KENYA -RELOCATION OF SOMALI BANTUS FROM DADAAB TO KAKUMA ENDS. IOM (October 2002) The relocation of Somali Bantus from Dadaab refugee camp near the Somali border, to Kakuma refugee camp in northwestern Kenya has ended. The last convoy transporting 302 Somali Bantus arrived on Sunday in Kakuma to be met by a cheering crowd. Over a three-month period IOM organised 23 road convoys to assist a total of 11,755 refugees on a three-day, 1,500-km journey across Kenya. 499 particularly vulnerable refugees -- pregnant women, infants, elderly and those too sick to travel by road -- were flown on an IOM chartered flight, which completed 10 rotations between Dadaab and Kakuma. The movement completion on September 27 marks the first step in the largest US African refugee resettlement in history. IOM started the relocation of Somali Bantus on 27 June. Logistics assistant and cultural orientation trainer Sasha Chanoff said, "The movements were more successful than expected. We will now begin medical exams in October and organize cultural orientation courses soon thereafter. Topics will include US laws, employment, cultural adjustment, as well as additional classroom time for parenting issues, youth topics and survival literacy." Flights to the US are estimated to begin in the first months of 2003.

In Kakuma, IOM and the NGO World Vision have built 2,500 mud brick shelters. 200 hundred additional shelters are being constructed for the final arrivals, who will spend the first few nights in UNHCR-issued tents. Approximately 500 Somali Bantus referred to the US Refugee Program remain in Dadaab. IOM will move these residual cases once UNHCR conducts interviews and confirms their identities. The Somali Bantu are living reminders of the once widespread and lucrative Indian Ocean slave trade. Their history as a distinct group began around the turn of the 18th century when the sultan of Zanzibar and other slave lords captured their forefathers in Malawi, Tanzania and Mozambique and sold them into slavery in Somalia. After slavery was gradually abolished in the 19th and early 20th century, the Bantu settled into Somalia's fertile southern region along the Juba River and maintained their farming tradition. But their origins, as well as distinct ethnic and cultural differences, kept them a marginalized minority from ethnic Somalis. Discrimination and poverty prevented access to schooling, land ownership and every day rights. In 1991, as Somalia descended into chaos and civil war, hostile militias raided Bantu settlements. Isolated,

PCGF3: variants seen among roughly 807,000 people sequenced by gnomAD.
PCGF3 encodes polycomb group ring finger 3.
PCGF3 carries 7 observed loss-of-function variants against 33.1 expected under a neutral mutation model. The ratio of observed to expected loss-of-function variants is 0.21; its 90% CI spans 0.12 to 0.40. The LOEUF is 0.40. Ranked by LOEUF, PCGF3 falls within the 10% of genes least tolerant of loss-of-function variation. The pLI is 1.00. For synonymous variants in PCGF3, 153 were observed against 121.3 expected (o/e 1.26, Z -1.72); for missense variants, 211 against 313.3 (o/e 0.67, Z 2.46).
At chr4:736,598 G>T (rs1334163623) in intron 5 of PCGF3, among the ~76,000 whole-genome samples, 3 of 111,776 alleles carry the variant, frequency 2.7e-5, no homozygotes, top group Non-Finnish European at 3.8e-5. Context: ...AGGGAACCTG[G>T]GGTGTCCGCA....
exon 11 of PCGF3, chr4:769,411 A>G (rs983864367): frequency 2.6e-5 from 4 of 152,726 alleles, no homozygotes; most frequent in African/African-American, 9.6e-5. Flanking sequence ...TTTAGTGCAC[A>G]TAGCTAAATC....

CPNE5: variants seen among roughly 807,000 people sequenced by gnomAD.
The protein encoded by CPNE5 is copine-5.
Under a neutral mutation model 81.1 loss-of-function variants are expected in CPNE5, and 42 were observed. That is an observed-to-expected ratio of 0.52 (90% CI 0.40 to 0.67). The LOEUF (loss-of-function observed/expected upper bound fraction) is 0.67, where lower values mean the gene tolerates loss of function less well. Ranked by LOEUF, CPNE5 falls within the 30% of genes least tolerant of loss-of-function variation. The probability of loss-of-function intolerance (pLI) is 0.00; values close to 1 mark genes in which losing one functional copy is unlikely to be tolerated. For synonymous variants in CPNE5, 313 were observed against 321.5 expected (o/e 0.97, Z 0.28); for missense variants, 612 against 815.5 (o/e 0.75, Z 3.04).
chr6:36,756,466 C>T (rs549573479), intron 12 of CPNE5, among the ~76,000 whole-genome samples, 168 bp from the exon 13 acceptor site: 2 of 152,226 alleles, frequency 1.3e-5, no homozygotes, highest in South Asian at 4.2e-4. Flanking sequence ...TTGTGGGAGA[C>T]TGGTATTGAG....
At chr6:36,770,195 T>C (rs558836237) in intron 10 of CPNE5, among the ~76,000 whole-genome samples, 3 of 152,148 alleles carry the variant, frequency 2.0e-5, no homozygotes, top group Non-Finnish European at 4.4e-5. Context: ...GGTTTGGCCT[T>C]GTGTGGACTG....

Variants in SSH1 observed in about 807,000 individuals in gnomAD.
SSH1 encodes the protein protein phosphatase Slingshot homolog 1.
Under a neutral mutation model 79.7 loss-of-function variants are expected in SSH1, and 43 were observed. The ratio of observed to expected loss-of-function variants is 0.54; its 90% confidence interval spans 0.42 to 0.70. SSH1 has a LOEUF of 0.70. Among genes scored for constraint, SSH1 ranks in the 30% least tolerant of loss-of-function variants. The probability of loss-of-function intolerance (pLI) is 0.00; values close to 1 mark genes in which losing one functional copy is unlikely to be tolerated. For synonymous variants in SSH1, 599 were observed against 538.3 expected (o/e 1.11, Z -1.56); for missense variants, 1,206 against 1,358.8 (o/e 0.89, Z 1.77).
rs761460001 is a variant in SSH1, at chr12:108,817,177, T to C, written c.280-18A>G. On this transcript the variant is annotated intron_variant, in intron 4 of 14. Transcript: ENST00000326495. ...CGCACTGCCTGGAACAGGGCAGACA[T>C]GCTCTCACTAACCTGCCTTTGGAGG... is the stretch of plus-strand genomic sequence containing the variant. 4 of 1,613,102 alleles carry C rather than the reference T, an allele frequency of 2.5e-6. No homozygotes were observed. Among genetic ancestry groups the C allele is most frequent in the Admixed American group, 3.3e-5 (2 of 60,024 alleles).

without any clan affiliation or other means of protection, they suffered widespread massacres and rape. Thousands fled on foot to neighbouring Kenya. The most vulnerable, the elderly, the young and the sick died en route of hunger, thirst and disease. Once in Kenya, they settled along with scores of thousands of ethnic Somali refugees in Dadaab, a parched, inhospitable windswept landscape of scrub bushes and nomadic camel herders, which lies 60 miles south of the Kenyan Somali border. The Bantus again found themselves among a Somali majority and were subject to discrimination and violence.

Bandits regularly attacked the men and raped women who foraged the bush for firewood. And, just as in Somalia, the Bantus were the ones to perform all the heavy labor and dirty work. In this final convoy to Kakuma one Bantu explained, "Now that we are leaving Dadaab the Somalis are saying, 'who will build our latrines?'" In 1999, the United States designated these exiled Somali Bantu a priority group for resettlement. But because of its proximity to Somalia, and its alleged terrorist links, the Dadaab camps are considered too dangerous for US immigration officials to visit. For more information, please contact: Sonya Laurence Green, Information Officer UN Resident & Humanitarian Coordinator's Office for Somalia Tel: (254 2) 448434 House: (254 2) 582898 Fax: (254 2) 448439 Email: sonya.green@undp.org Julia Spry-Leverton, Communication Officer UNICEF Somalia Tel: (254 2) 623958 Fax: (254 2) 623965 Mobile: (072) 712 840 Email: jspryleverton@unicef.org